For my almost 4th grader, we have been practicing reading-along with two or three books per term. This term, for one of them I have a copy of the book and she has a copy of the book and she simply reads along as I read aloud. For another we take turns reading pages or paragraphs.
As I said, the confidence in my elementary readers is abundant. They have begun asking to read some of their school books to me. And I have obliged with my 3rd grader this year. She has read entire books to me as I have sat and listened attentively.
This is a lead-learner activity that is almost as challenging to me as it is to her. I am often amazed at the narrations she can give after reading aloud to me that I, sadly, could not. My practice in attentiveness is necessary to ensure she is getting out of the readings what she ought.
Notice, I still require a narration from the books my student reads. The practice of doing this for all school books increases demonstration of reading comprehension. The students are taking in information, processing it, and putting it into their own words from their earliest school days. It is, honestly, a wonder!
The last piece in the road to reading independence is reading alone. Because we have practiced the three steps before these for years at this point, I feel my student is prepared for appropriate reading alone.
This looks different depending on the books. For year 2, Ambleside Online recommends reading Robin Hood in the third term. I found a truly great audio version of Robin Hood (on Scribd) for my student to listen to as she read along. This combined the last two steps of my reading independently process beautifully. She absolutely loved listening to another reader and I didn’t have to struggle through the “quoths.” We are doing this again in year 3 for Children of the New Forest (I recommend this publisher).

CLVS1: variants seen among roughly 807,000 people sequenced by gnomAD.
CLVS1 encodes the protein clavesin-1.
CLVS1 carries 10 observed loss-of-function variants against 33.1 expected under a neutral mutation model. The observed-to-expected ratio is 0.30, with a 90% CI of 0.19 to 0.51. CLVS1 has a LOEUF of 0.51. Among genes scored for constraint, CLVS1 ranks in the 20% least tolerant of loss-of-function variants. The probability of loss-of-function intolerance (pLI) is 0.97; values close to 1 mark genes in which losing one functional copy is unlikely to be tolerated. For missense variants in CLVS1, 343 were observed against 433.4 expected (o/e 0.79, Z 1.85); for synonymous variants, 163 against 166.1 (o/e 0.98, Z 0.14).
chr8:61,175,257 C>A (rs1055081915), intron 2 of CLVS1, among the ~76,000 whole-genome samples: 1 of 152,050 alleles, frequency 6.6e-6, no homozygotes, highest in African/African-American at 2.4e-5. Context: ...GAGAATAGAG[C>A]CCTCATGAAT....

Combining audio and visual styles of learning at this stage is critical to my student’s confidence and comprehension. I love hearing her narrations and I love hearing her talk about the readers as if she knows them.
Reading alongside an audio version is one option to help ease into reading alone. But for a couple of the books in year 3, I am also having my student read completely independently. She has the option to read aloud to herself, if she likes. But once she is finished with the reading, she comes back to me and tells me the story. This is the final step to reading independently and she is ready. She provides beautiful narrations when she is finished.
Notice for this last step of independent reading, it is recommended that the teacher read the assignments before hand. Otherwise, large portions of the book/story may be missed.
What’s Beyond Early Elementary?
I am in the process of figuring out what 4th grade will look like for my student. There are many wonderful books in the year 4 Ambleside list. But we are also in Classical Conversations. I feel this is the place where teachers must begin to decide on a course of learning for the students. It would be overwhelming to attempt to bring all the requirements and suggestions of both CC and Ambleside together in the later elementary years. I don’t want school to become drudgery as we move forward, but I do want to offer a challenge.
Look for updates in the coming months as I start to trace our path through the 4th grade year.